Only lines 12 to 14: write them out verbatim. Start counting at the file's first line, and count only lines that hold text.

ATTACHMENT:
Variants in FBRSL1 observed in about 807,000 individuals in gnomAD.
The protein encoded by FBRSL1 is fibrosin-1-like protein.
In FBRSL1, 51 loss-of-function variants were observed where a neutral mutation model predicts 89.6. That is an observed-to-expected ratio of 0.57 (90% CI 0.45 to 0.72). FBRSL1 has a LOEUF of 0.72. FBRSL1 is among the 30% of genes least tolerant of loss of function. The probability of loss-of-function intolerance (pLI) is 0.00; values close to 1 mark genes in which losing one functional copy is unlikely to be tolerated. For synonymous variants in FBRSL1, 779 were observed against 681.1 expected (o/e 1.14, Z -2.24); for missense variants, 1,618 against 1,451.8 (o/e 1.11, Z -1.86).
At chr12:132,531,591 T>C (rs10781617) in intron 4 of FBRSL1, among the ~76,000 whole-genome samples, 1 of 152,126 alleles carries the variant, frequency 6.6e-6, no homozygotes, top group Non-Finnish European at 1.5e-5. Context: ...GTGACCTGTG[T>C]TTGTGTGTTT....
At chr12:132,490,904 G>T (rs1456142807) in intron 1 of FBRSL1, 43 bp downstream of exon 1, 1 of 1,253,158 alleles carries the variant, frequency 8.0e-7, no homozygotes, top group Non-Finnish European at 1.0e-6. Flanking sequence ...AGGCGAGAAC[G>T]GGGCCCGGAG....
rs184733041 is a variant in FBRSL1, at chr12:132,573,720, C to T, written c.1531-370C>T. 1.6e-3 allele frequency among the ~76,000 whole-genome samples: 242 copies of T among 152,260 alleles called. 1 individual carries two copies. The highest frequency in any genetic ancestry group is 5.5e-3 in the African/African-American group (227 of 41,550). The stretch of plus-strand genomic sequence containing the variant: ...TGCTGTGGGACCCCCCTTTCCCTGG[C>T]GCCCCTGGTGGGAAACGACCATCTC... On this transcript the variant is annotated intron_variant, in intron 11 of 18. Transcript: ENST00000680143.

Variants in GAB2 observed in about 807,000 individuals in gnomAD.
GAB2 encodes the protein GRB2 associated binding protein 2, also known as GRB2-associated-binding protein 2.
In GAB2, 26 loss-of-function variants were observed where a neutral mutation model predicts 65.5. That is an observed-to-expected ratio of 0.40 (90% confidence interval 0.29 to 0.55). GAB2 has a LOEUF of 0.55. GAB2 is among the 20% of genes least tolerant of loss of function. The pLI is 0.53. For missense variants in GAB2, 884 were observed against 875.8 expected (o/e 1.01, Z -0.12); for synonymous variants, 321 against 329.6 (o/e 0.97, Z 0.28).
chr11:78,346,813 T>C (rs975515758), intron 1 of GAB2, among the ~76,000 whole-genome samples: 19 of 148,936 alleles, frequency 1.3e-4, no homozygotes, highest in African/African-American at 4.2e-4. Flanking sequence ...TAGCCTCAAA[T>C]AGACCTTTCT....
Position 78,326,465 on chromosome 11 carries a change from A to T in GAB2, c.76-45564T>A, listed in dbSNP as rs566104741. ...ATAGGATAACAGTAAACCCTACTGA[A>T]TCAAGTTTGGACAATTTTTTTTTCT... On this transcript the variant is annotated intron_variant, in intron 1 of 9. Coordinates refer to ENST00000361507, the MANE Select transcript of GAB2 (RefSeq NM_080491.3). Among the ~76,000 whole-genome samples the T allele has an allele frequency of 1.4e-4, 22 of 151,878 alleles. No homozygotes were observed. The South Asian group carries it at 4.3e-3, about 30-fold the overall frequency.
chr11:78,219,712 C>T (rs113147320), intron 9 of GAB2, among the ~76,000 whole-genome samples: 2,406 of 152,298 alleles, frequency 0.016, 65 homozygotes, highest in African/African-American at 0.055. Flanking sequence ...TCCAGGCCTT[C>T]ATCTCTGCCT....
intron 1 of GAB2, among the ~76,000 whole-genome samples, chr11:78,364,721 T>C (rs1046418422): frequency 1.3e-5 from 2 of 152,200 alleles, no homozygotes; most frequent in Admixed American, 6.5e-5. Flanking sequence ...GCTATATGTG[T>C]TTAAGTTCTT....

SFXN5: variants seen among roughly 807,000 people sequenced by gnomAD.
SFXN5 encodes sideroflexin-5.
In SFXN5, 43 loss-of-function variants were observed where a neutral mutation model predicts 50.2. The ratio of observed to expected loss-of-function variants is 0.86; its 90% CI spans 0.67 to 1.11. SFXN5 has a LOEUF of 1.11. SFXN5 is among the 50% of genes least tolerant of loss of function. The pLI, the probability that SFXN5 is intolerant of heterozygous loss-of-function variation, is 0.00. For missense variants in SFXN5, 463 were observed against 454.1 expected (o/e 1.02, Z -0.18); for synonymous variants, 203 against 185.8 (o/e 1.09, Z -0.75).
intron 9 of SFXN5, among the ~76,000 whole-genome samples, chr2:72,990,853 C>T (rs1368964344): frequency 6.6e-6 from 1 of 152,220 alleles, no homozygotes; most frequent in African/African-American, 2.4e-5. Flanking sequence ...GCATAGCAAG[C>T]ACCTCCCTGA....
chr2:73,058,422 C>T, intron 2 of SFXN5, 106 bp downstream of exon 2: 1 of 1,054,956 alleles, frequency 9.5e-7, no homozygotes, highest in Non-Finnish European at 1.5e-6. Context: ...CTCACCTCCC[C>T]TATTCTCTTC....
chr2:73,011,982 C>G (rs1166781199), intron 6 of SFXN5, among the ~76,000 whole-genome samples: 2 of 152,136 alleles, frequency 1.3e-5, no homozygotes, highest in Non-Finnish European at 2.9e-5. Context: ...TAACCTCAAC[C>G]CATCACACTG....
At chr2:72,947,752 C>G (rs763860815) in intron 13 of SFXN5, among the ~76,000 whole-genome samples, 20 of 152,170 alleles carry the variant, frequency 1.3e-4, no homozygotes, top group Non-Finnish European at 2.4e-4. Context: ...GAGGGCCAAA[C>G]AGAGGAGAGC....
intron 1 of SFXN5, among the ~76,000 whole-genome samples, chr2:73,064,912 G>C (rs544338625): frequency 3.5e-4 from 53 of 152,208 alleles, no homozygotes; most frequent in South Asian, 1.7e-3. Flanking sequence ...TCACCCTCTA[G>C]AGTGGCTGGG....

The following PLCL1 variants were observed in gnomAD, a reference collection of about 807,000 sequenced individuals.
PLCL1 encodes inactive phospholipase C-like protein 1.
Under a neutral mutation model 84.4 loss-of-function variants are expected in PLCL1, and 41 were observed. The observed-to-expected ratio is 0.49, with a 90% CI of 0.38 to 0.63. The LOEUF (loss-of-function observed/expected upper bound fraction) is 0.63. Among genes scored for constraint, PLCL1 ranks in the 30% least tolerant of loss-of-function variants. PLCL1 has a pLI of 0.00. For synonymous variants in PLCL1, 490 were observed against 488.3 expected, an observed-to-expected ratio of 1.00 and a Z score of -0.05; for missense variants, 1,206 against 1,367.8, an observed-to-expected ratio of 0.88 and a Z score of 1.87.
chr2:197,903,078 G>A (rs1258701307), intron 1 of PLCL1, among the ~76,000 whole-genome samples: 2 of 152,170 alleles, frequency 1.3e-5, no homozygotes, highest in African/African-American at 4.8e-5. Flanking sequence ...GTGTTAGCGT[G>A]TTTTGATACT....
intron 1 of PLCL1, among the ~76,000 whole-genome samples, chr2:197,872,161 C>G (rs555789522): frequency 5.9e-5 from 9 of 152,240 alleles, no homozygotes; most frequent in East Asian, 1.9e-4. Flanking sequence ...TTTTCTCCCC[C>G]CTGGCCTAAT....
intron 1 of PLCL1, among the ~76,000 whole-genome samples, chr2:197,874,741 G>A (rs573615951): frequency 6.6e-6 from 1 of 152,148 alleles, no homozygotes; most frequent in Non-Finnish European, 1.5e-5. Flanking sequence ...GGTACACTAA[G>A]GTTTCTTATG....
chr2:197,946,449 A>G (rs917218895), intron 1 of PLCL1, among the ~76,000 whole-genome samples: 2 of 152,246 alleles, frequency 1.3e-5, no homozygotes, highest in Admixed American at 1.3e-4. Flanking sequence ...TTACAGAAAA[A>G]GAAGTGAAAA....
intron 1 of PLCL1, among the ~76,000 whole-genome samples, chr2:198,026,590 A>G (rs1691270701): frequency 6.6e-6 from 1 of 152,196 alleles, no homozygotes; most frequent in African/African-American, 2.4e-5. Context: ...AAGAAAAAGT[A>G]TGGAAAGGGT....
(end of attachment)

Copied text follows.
chr11:78,219,712 C>T (rs113147320), intron 9 of GAB2, among the ~76,000 whole-genome samples: 2,406 of 152,298 alleles, frequency 0.016, 65 homozygotes, highest in African/African-American at 0.055. Flanking sequence ...TCCAGGCCTT[C>T]ATCTCTGCCT....
intron 1 of GAB2, among the ~76,000 whole-genome samples, chr11:78,364,721 T>C (rs1046418422): frequency 1.3e-5 from 2 of 152,200 alleles, no homozygotes; most frequent in Admixed American, 6.5e-5. Flanking sequence ...GCTATATGTG[T>C]TTAAGTTCTT....

SFXN5: variants seen among roughly 807,000 people sequenced by gnomAD.